The Young Indiana Jones Chronicles

Season 1 Episode 5

Demons Of Deception, Part 1 (Verdun, September 1916)

Aired Sunday 8:00 PM Mar 25, 1992 on ABC
out of 10
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Episode Summary

Demons Of Deception, Part 1 (Verdun, September 1916)
Indy addresses the morality of leadership when confronted with military officials who have little regard for the lives of the men they command.

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  • Indy's forced to disobey orders to save innocent lives!

    The morals of leadership can have consequences as Indy has to choose between following orders and doing the right thing. Viewers might like to note that 'Verdun, September 1916' is the first segment of what would later be edited into the TV movie 'Demons of Deception'.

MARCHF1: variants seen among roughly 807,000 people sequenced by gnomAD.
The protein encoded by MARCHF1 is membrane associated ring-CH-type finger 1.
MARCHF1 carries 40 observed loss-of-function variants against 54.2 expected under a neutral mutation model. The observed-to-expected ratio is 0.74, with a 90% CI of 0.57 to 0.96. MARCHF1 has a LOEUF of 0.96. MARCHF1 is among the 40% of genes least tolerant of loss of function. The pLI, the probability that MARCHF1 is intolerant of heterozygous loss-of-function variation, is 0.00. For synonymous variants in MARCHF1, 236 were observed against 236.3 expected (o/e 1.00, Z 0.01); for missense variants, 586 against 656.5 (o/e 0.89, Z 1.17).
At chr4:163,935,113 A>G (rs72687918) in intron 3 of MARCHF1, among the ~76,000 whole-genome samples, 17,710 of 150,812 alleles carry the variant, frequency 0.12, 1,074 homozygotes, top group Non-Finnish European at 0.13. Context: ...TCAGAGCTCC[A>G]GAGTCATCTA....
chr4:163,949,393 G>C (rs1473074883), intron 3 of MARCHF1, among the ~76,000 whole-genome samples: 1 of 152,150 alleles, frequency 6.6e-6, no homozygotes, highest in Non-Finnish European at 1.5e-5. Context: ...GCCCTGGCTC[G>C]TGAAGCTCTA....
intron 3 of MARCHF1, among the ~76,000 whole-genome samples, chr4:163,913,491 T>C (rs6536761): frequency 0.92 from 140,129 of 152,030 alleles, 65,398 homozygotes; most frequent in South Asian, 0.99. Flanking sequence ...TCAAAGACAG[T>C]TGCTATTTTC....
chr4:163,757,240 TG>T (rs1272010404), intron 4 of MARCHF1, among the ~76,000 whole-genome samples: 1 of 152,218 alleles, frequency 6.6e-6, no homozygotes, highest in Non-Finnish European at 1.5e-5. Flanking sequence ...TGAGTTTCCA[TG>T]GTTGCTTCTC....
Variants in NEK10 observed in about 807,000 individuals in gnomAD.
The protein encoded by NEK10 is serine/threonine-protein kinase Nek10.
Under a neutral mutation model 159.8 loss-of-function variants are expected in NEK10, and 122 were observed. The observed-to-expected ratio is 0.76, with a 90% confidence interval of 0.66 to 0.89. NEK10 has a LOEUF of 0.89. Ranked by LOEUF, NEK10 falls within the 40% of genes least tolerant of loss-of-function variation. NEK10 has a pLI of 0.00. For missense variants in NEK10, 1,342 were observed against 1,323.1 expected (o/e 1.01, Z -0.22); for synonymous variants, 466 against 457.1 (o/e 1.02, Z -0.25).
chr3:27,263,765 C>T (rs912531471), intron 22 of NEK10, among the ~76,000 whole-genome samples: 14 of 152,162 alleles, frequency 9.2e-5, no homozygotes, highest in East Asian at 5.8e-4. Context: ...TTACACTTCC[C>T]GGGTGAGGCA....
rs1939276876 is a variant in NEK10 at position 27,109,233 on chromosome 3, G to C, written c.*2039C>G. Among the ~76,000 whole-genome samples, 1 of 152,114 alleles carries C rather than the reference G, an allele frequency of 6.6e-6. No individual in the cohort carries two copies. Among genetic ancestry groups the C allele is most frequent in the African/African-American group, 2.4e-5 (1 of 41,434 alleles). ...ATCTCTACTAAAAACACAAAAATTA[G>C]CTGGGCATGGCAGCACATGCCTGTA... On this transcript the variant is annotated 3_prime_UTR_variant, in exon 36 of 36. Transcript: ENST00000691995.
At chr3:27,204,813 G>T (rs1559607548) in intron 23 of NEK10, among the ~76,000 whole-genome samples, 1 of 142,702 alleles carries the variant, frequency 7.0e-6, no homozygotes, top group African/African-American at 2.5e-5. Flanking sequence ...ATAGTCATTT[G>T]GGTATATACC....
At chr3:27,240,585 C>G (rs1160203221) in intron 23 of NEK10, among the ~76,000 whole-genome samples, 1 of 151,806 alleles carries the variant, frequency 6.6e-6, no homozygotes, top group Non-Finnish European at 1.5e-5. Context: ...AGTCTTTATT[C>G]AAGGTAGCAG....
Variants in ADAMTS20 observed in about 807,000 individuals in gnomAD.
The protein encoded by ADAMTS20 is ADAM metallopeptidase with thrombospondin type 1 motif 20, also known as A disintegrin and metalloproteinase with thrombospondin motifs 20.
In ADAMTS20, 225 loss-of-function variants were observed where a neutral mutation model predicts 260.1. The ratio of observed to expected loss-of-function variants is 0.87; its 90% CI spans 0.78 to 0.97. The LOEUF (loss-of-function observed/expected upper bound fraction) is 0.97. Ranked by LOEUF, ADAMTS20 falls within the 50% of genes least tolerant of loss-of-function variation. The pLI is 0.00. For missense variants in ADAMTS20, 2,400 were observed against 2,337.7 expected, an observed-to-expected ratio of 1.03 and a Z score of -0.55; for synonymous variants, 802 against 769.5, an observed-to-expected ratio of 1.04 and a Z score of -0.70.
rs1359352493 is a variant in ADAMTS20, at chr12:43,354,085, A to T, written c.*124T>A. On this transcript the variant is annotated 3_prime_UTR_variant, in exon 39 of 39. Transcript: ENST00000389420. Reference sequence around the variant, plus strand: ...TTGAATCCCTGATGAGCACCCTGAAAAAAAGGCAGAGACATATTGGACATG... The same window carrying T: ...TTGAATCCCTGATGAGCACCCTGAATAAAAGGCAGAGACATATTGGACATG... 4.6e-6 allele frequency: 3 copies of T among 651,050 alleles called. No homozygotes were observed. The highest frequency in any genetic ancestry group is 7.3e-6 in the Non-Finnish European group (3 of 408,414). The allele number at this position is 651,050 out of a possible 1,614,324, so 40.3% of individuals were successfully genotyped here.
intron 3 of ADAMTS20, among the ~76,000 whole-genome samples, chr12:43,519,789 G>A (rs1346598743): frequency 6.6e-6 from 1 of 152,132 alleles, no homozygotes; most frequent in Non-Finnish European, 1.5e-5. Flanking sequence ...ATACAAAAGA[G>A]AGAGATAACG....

Delivering messages to the frontline, Indy begins to question the needless loss of soldiers under the command of the French and Belgian generals. He isn't even clear what he's fighting for. As French generals plot another unnecessary attack our hero must make difficult choices in the face of his superiors. He soon discovers the Germans are also plotting an attack. With the threat of heavy artillery being used against the French armies Indy knows that lives can be saved but will anyone listen to him?